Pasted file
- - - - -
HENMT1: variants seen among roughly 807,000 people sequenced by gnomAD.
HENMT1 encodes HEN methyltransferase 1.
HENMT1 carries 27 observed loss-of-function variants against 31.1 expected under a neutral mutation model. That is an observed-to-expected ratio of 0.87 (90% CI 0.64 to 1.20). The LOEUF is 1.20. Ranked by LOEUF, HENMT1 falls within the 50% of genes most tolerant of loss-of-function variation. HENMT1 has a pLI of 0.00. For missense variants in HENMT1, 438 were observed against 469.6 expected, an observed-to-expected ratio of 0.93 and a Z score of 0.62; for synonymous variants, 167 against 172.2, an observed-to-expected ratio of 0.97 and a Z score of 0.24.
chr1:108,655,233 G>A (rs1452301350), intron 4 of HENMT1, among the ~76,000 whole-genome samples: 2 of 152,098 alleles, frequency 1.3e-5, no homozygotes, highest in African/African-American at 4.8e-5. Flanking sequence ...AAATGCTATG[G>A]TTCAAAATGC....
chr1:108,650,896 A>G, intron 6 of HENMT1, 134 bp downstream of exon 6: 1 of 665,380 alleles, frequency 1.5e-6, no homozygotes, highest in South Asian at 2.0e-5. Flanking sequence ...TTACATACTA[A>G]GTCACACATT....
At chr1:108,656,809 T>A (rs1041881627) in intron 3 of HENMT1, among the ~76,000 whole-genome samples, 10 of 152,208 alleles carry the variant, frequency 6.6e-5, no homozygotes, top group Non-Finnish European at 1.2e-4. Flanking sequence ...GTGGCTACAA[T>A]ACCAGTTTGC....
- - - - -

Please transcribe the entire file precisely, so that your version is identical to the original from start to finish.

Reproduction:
HENMT1: variants seen among roughly 807,000 people sequenced by gnomAD.
HENMT1 encodes HEN methyltransferase 1.
HENMT1 carries 27 observed loss-of-function variants against 31.1 expected under a neutral mutation model. That is an observed-to-expected ratio of 0.87 (90% CI 0.64 to 1.20). The LOEUF is 1.20. Ranked by LOEUF, HENMT1 falls within the 50% of genes most tolerant of loss-of-function variation. HENMT1 has a pLI of 0.00. For missense variants in HENMT1, 438 were observed against 469.6 expected, an observed-to-expected ratio of 0.93 and a Z score of 0.62; for synonymous variants, 167 against 172.2, an observed-to-expected ratio of 0.97 and a Z score of 0.24.
chr1:108,655,233 G>A (rs1452301350), intron 4 of HENMT1, among the ~76,000 whole-genome samples: 2 of 152,098 alleles, frequency 1.3e-5, no homozygotes, highest in African/African-American at 4.8e-5. Flanking sequence ...AAATGCTATG[G>A]TTCAAAATGC....
chr1:108,650,896 A>G, intron 6 of HENMT1, 134 bp downstream of exon 6: 1 of 665,380 alleles, frequency 1.5e-6, no homozygotes, highest in South Asian at 2.0e-5. Flanking sequence ...TTACATACTA[A>G]GTCACACATT....
At chr1:108,656,809 T>A (rs1041881627) in intron 3 of HENMT1, among the ~76,000 whole-genome samples, 10 of 152,208 alleles carry the variant, frequency 6.6e-5, no homozygotes, top group Non-Finnish European at 1.2e-4. Flanking sequence ...GTGGCTACAA[T>A]ACCAGTTTGC....